I lived mostly in silence, but somehow the wildness that was in the very air, the air in which the dead had been brought back to life and water changed into wine and the very waves of the sea made calm by a man walking on water, this great disturbance in the world made its way like creeping mist or dampness into the two or three rooms I inhabited.

I loved this book. Loved the tone and mood. Mary’s sorrow, grief, and trauma are beautifully described. I was surprised to read her interpretation of things. It’s against everything that we know from the testaments. Jesus is described like a rebel but not exactly like a rebel with a cause. More like an outlaw. I like that Toíbín gave Mary her humanity back, looked at what happened through the eyes of a mother who had to witness her son being crucified. The crucifixion is described in detail. No gratuitous violence but still explicit.

I wonder what practicing Christians, especially Catholics, think about this book. I haven’t found a lot online. I was raised a Catholic but since I’m anti-clerical, I left the church a long time ago. I was surprised that I found some elements disturbing. The story of Lazarus, for example, reads like a creepy zombie story. I even found this book sacrilegious in places. Even if he might not have been the son of God, I always think of Jesus as supremely good. In the end, it looks like Toíbín wants to say the religion only exists because of the interpretation of the facts by those who wrote it down.

This is a short book and, still, one could write pages and pages about it. I hope I could do this complex book justice. It’s so beautiful and engaging.

Devotion – Die Widmung by Botho Strauss – A 1977 Club Review

I’m notoriously bad these days when it comes to participating in blogging events, but I always try to read at least one book for Karen and Simon’s “Club” – no matter what year they choose. This week was dedicated to 1977. It was a particularly good year and I could have chosen many books from my piles. I picked Botho Strauss’ novella DevotionDie Widmung because I’ve had it for ages and because it was said to be a stellar piece of writing.

Botho Strauss was first known as a playwright before he started to write fiction. DevotionDie Widmung is considered one of his best works. It tells the story of Richard Schroubek who has been abandoned by his girlfriend Hannah and can just not get over it. It’s 1976, a brutally hot summer in Berlin. In an attempt to fully immerse himself in his feelings of loss and abandonment, he takes leave from his work as a bookseller and stays at home where he spends endless days exploring every facet of his grief and writes it down. The bookseller has turned writer. While writing and tormenting himself, he hopes Hannah will return eventually. Latest, when he gives her his writing.

This is a stunning short novel. It’s neither plot- nor character- but mostly language-driven. It might be the best piece of writing, style-wise, I’ve read in quite some time. The book is in many ways a rant. The rant of a man who has been left and doesn’t understand why. But also of  man who is very different from most people and very isolated. This may sound a bit like Goethe’s Leiden des jungen Werther but it’s not like that at all. Here, the tragedy always veers towards the satirical and the book is often funny. Especially during the rare moments when Richard interacts with someone else. Richard is an astute, sharp observer. He dissects people’s behaviour, their opinions, things he reads or watches on TV and his feelings of loss and grief. While not as lyrical as Swann in Proust’s work, he’s just as analytical.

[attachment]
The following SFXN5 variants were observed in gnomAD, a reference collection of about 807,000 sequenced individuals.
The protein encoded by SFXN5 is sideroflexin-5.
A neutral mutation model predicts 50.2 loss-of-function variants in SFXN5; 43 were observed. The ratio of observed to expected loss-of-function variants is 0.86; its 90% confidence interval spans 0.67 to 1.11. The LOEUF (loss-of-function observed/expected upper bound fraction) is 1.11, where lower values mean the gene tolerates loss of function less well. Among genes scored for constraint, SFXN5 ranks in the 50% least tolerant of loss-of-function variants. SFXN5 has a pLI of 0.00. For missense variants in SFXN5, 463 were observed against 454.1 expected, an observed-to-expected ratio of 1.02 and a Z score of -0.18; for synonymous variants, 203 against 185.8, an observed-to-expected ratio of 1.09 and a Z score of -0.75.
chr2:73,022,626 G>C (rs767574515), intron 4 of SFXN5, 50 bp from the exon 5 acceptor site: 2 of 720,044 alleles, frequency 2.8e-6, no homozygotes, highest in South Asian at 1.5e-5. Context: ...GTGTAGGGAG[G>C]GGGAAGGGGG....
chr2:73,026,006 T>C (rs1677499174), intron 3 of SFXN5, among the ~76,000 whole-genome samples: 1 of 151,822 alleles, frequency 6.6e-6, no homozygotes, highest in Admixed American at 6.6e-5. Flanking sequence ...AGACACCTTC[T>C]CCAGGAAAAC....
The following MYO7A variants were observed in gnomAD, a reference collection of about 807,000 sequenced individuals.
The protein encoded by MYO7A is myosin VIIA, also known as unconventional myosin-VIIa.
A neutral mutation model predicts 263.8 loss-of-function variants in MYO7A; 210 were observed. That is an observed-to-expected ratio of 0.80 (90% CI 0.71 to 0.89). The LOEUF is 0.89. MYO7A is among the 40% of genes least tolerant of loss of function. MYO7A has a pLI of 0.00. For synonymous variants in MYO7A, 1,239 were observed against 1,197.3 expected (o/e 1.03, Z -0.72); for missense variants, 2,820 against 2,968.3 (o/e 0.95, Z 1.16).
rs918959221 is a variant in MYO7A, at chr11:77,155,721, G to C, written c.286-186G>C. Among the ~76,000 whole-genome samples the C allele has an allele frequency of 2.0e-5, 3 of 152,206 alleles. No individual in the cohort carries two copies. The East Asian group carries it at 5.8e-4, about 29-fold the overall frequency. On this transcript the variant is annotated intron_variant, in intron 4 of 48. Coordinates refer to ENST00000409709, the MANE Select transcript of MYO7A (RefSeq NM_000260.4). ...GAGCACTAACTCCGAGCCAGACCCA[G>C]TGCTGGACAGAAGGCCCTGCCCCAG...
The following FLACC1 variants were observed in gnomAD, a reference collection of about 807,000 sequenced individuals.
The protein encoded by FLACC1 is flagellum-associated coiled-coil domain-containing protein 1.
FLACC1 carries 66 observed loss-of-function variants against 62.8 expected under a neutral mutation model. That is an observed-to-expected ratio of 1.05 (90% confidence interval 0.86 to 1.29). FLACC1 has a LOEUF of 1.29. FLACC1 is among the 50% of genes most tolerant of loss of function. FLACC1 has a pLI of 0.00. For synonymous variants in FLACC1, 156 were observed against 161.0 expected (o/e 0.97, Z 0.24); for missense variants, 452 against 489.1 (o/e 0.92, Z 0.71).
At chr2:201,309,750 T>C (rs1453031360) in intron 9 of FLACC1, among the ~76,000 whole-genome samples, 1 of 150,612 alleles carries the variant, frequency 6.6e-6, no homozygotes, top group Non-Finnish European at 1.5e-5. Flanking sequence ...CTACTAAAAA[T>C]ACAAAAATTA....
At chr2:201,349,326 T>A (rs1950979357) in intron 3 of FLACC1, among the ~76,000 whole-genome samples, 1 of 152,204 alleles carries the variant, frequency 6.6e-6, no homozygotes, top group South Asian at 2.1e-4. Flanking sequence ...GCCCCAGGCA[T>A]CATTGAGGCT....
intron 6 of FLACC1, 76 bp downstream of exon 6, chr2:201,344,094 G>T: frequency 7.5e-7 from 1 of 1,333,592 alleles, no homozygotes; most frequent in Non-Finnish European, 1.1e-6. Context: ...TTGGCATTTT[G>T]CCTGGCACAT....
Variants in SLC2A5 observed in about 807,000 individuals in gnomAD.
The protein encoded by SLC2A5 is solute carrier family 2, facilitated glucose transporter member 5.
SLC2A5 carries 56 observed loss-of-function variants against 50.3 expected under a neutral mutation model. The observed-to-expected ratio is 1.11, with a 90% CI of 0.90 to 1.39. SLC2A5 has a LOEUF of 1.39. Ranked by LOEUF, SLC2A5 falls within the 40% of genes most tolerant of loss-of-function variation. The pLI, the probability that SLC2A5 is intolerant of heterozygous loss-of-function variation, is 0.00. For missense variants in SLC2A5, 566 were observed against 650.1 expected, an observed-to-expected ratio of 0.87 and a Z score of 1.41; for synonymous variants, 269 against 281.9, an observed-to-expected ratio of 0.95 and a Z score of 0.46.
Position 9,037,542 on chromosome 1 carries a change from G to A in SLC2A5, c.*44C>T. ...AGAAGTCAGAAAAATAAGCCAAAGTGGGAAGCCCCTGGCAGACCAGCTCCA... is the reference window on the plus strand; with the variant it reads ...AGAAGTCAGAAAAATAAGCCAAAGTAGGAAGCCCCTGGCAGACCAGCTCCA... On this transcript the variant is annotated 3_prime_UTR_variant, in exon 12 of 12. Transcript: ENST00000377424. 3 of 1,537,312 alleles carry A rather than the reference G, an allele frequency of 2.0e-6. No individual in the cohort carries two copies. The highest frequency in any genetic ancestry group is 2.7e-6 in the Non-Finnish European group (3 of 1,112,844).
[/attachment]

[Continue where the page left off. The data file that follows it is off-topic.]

The longer the story progresses, the more his feelings vanish and that is a new source of sorrow. Celebrating his despair filled the void that the loss of dialogue and companionship left.

Richard is a character-type that I’ve come across several times in literature. He is one of those, like Melville’s Bartleby, who refuse to take part. Naysayers who don’t want to participate in our society. In Richard’s case it’s the loss that catapults him out of his normal life and makes him look at the world around him and at himself with critical eyes. Only Hannah is perfect. In his memory that is.

Because this is so language-driven and because I’ve read it in German, it’s hard to convey how brilliant it is. I can only say, I don’t envy the translator. This must have been extremely difficult to translate.

I’m not sure why this book is called Devotion in English. The German title means “Dedication” and I don’t see why it wasn’t kept. There’s an instance, in which Richard writes about his devotion, but I don’t think it justifies the change of title.

I found a lot to admire in this book and the observations, expressions, figures of speech, are all brilliant, but it was not an entirely accessible book. Not because of the lack of plot or because it’s language-driven but because it very often changes from first to third person and it’s not always clear why and who is the narrator. I should have read it more closely to avoid this type of confusion. I mention this, so future readers know, this needs very attentive, close reading.

Here’s a photo of Botho Strauss and Cate Blanchett. She played Lotte in his play Big and Small.